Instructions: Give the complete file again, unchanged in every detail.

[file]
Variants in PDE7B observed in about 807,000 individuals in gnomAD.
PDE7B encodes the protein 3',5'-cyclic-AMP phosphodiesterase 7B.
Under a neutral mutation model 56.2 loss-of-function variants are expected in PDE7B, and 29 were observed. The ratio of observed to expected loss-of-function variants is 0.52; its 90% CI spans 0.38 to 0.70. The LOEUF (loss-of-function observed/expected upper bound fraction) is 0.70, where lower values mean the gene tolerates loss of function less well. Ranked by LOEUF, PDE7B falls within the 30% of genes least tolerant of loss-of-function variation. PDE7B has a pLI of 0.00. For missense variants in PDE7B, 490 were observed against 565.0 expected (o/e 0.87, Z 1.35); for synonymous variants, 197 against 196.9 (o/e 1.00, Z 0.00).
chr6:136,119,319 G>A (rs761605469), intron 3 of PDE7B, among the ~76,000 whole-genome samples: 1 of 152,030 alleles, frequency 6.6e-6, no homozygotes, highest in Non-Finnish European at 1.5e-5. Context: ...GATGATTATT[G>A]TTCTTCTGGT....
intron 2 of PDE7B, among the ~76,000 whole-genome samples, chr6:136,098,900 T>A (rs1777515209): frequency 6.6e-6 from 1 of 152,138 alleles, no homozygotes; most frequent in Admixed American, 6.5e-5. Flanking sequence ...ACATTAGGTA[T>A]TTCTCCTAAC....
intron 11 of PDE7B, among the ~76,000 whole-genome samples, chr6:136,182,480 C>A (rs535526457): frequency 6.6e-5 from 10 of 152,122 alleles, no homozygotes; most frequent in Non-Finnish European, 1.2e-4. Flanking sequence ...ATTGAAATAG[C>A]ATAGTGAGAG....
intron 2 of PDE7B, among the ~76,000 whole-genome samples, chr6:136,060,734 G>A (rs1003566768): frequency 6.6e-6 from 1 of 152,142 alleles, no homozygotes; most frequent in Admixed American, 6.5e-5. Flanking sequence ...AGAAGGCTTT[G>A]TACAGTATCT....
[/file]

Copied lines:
Variants in PDE7B observed in about 807,000 individuals in gnomAD.
PDE7B encodes the protein 3',5'-cyclic-AMP phosphodiesterase 7B.
Under a neutral mutation model 56.2 loss-of-function variants are expected in PDE7B, and 29 were observed. The ratio of observed to expected loss-of-function variants is 0.52; its 90% CI spans 0.38 to 0.70. The LOEUF (loss-of-function observed/expected upper bound fraction) is 0.70, where lower values mean the gene tolerates loss of function less well. Ranked by LOEUF, PDE7B falls within the 30% of genes least tolerant of loss-of-function variation. PDE7B has a pLI of 0.00. For missense variants in PDE7B, 490 were observed against 565.0 expected (o/e 0.87, Z 1.35); for synonymous variants, 197 against 196.9 (o/e 1.00, Z 0.00).
chr6:136,119,319 G>A (rs761605469), intron 3 of PDE7B, among the ~76,000 whole-genome samples: 1 of 152,030 alleles, frequency 6.6e-6, no homozygotes, highest in Non-Finnish European at 1.5e-5. Context: ...GATGATTATT[G>A]TTCTTCTGGT....
intron 2 of PDE7B, among the ~76,000 whole-genome samples, chr6:136,098,900 T>A (rs1777515209): frequency 6.6e-6 from 1 of 152,138 alleles, no homozygotes; most frequent in Admixed American, 6.5e-5. Flanking sequence ...ACATTAGGTA[T>A]TTCTCCTAAC....
intron 11 of PDE7B, among the ~76,000 whole-genome samples, chr6:136,182,480 C>A (rs535526457): frequency 6.6e-5 from 10 of 152,122 alleles, no homozygotes; most frequent in Non-Finnish European, 1.2e-4. Flanking sequence ...ATTGAAATAG[C>A]ATAGTGAGAG....
intron 2 of PDE7B, among the ~76,000 whole-genome samples, chr6:136,060,734 G>A (rs1003566768): frequency 6.6e-6 from 1 of 152,142 alleles, no homozygotes; most frequent in Admixed American, 6.5e-5. Flanking sequence ...AGAAGGCTTT[G>A]TACAGTATCT....